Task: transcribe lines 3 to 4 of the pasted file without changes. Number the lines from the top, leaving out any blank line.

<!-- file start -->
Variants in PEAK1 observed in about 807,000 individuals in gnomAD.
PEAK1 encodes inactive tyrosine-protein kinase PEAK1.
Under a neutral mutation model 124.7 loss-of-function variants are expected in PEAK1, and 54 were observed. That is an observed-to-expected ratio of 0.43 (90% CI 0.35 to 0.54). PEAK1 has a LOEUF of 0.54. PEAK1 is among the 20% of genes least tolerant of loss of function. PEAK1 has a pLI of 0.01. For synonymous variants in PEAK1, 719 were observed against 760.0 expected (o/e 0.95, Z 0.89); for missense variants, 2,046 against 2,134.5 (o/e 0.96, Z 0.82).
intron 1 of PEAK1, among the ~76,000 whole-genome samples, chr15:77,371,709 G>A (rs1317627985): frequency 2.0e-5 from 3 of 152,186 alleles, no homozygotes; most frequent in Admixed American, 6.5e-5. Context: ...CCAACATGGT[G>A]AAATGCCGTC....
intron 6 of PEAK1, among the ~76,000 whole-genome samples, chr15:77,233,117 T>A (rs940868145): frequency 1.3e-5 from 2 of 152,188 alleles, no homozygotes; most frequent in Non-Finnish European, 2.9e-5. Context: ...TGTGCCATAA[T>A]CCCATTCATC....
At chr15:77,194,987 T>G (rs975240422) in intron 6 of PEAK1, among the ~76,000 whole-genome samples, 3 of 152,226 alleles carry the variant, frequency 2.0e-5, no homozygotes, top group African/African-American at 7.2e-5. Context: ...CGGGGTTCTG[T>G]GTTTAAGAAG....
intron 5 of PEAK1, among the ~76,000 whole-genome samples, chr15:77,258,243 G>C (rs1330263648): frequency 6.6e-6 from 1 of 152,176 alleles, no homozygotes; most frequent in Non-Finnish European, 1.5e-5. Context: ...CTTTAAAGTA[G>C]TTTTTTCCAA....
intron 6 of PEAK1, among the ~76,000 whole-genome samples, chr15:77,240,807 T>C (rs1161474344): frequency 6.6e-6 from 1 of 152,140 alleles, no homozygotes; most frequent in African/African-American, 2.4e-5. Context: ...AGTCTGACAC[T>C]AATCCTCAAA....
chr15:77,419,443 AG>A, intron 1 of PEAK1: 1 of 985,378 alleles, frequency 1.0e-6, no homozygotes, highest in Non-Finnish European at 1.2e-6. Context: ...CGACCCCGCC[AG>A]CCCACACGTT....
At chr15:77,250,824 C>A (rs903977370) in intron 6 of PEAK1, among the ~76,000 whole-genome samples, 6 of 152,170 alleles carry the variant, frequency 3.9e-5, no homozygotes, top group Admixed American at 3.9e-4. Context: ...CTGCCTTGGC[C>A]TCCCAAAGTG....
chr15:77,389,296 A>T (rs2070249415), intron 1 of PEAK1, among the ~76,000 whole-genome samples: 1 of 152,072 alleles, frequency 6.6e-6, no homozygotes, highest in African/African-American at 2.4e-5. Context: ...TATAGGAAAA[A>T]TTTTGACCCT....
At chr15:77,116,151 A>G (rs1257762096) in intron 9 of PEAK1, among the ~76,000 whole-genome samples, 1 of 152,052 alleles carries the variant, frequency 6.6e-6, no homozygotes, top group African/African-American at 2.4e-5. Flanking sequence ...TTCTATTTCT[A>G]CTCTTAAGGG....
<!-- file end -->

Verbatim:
Under a neutral mutation model 124.7 loss-of-function variants are expected in PEAK1, and 54 were observed. That is an observed-to-expected ratio of 0.43 (90% CI 0.35 to 0.54). PEAK1 has a LOEUF of 0.54. PEAK1 is among the 20% of genes least tolerant of loss of function. PEAK1 has a pLI of 0.01. For synonymous variants in PEAK1, 719 were observed against 760.0 expected (o/e 0.95, Z 0.89); for missense variants, 2,046 against 2,134.5 (o/e 0.96, Z 0.82).
intron 1 of PEAK1, among the ~76,000 whole-genome samples, chr15:77,371,709 G>A (rs1317627985): frequency 2.0e-5 from 3 of 152,186 alleles, no homozygotes; most frequent in Admixed American, 6.5e-5. Context: ...CCAACATGGT[G>A]AAATGCCGTC....